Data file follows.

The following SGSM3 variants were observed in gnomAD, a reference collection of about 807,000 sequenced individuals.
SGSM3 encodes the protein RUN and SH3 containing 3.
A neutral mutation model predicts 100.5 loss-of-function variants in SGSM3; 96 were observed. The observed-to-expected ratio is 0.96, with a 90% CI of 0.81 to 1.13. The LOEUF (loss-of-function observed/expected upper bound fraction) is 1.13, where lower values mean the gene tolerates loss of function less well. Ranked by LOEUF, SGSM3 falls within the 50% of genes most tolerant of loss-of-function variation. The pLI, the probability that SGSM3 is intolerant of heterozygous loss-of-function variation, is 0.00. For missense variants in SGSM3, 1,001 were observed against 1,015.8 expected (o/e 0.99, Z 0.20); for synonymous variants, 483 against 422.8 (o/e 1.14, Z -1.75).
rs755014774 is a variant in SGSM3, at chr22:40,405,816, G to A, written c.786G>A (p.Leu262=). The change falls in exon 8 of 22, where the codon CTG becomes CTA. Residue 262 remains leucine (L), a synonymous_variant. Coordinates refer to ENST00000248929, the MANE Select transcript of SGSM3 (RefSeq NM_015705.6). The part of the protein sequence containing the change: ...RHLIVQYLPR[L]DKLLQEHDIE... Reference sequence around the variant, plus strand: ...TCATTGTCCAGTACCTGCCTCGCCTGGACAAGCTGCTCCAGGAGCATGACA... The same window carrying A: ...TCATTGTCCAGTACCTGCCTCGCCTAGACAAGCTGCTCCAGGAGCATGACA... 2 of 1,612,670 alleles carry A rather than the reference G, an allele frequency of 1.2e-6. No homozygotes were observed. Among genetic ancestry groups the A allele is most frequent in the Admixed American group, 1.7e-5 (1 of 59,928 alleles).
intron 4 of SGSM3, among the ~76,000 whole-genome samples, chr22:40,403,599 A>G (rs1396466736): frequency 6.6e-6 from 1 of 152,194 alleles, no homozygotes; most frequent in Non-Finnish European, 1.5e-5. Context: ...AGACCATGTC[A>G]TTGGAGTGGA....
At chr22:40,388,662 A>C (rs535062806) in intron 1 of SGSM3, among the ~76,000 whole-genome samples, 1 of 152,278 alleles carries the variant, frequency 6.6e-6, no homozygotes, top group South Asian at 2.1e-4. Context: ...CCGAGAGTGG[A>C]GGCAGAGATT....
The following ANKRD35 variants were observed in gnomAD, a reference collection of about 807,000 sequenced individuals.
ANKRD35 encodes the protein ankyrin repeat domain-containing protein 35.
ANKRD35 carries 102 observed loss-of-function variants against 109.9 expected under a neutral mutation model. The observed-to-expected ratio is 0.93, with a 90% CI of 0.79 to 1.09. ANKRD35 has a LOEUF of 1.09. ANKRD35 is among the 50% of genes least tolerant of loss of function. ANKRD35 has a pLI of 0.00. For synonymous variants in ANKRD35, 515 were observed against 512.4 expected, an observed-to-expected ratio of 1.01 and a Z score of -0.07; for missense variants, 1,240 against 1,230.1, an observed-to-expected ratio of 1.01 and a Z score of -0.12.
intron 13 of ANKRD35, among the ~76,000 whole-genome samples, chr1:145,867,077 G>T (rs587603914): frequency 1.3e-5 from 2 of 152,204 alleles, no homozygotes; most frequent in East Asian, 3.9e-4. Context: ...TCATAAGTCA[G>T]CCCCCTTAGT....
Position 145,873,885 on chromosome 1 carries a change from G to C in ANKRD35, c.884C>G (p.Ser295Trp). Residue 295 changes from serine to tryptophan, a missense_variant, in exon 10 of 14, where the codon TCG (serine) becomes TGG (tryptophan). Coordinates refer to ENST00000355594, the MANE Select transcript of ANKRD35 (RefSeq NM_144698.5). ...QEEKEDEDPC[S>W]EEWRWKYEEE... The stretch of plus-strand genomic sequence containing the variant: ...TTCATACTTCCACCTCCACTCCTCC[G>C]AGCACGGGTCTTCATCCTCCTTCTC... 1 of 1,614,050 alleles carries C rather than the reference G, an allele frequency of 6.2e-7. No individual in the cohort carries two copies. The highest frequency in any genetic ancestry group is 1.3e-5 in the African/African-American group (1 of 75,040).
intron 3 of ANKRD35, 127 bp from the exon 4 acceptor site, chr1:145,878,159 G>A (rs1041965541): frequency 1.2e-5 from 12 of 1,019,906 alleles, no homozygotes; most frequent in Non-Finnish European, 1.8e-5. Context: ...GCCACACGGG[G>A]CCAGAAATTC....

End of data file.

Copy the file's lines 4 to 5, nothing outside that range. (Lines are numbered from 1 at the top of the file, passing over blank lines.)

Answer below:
rs755014774 is a variant in SGSM3, at chr22:40,405,816, G to A, written c.786G>A (p.Leu262=). The change falls in exon 8 of 22, where the codon CTG becomes CTA. Residue 262 remains leucine (L), a synonymous_variant. Coordinates refer to ENST00000248929, the MANE Select transcript of SGSM3 (RefSeq NM_015705.6). The part of the protein sequence containing the change: ...RHLIVQYLPR[L]DKLLQEHDIE... Reference sequence around the variant, plus strand: ...TCATTGTCCAGTACCTGCCTCGCCTGGACAAGCTGCTCCAGGAGCATGACA... The same window carrying A: ...TCATTGTCCAGTACCTGCCTCGCCTAGACAAGCTGCTCCAGGAGCATGACA... 2 of 1,612,670 alleles carry A rather than the reference G, an allele frequency of 1.2e-6. No homozygotes were observed. Among genetic ancestry groups the A allele is most frequent in the Admixed American group, 1.7e-5 (1 of 59,928 alleles).
intron 4 of SGSM3, among the ~76,000 whole-genome samples, chr22:40,403,599 A>G (rs1396466736): frequency 6.6e-6 from 1 of 152,194 alleles, no homozygotes; most frequent in Non-Finnish European, 1.5e-5. Context: ...AGACCATGTC[A>G]TTGGAGTGGA....